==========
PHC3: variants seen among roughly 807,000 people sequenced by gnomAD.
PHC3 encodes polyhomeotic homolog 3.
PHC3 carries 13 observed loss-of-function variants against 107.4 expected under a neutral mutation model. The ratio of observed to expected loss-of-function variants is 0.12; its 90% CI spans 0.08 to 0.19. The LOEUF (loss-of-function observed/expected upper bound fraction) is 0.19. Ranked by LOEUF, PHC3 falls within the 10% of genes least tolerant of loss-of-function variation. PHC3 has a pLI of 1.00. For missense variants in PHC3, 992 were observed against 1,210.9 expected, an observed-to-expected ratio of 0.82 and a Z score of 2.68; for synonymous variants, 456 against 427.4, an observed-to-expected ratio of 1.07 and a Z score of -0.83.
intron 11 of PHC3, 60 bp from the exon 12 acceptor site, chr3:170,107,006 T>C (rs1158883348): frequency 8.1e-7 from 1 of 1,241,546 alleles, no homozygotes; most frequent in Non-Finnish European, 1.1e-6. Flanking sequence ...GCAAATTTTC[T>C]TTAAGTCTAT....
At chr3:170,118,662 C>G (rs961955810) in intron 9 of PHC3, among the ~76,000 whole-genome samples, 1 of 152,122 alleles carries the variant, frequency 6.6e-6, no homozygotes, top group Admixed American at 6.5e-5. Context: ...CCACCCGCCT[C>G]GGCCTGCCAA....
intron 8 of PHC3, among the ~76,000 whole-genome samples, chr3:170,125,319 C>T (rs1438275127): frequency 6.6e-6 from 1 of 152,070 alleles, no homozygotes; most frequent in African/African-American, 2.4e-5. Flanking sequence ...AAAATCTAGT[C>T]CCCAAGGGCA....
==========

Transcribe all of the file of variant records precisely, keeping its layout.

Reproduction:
PHC3: variants seen among roughly 807,000 people sequenced by gnomAD.
PHC3 encodes polyhomeotic homolog 3.
PHC3 carries 13 observed loss-of-function variants against 107.4 expected under a neutral mutation model. The ratio of observed to expected loss-of-function variants is 0.12; its 90% CI spans 0.08 to 0.19. The LOEUF (loss-of-function observed/expected upper bound fraction) is 0.19. Ranked by LOEUF, PHC3 falls within the 10% of genes least tolerant of loss-of-function variation. PHC3 has a pLI of 1.00. For missense variants in PHC3, 992 were observed against 1,210.9 expected, an observed-to-expected ratio of 0.82 and a Z score of 2.68; for synonymous variants, 456 against 427.4, an observed-to-expected ratio of 1.07 and a Z score of -0.83.
intron 11 of PHC3, 60 bp from the exon 12 acceptor site, chr3:170,107,006 T>C (rs1158883348): frequency 8.1e-7 from 1 of 1,241,546 alleles, no homozygotes; most frequent in Non-Finnish European, 1.1e-6. Flanking sequence ...GCAAATTTTC[T>C]TTAAGTCTAT....
At chr3:170,118,662 C>G (rs961955810) in intron 9 of PHC3, among the ~76,000 whole-genome samples, 1 of 152,122 alleles carries the variant, frequency 6.6e-6, no homozygotes, top group Admixed American at 6.5e-5. Context: ...CCACCCGCCT[C>G]GGCCTGCCAA....
intron 8 of PHC3, among the ~76,000 whole-genome samples, chr3:170,125,319 C>T (rs1438275127): frequency 6.6e-6 from 1 of 152,070 alleles, no homozygotes; most frequent in African/African-American, 2.4e-5. Flanking sequence ...AAAATCTAGT[C>T]CCCAAGGGCA....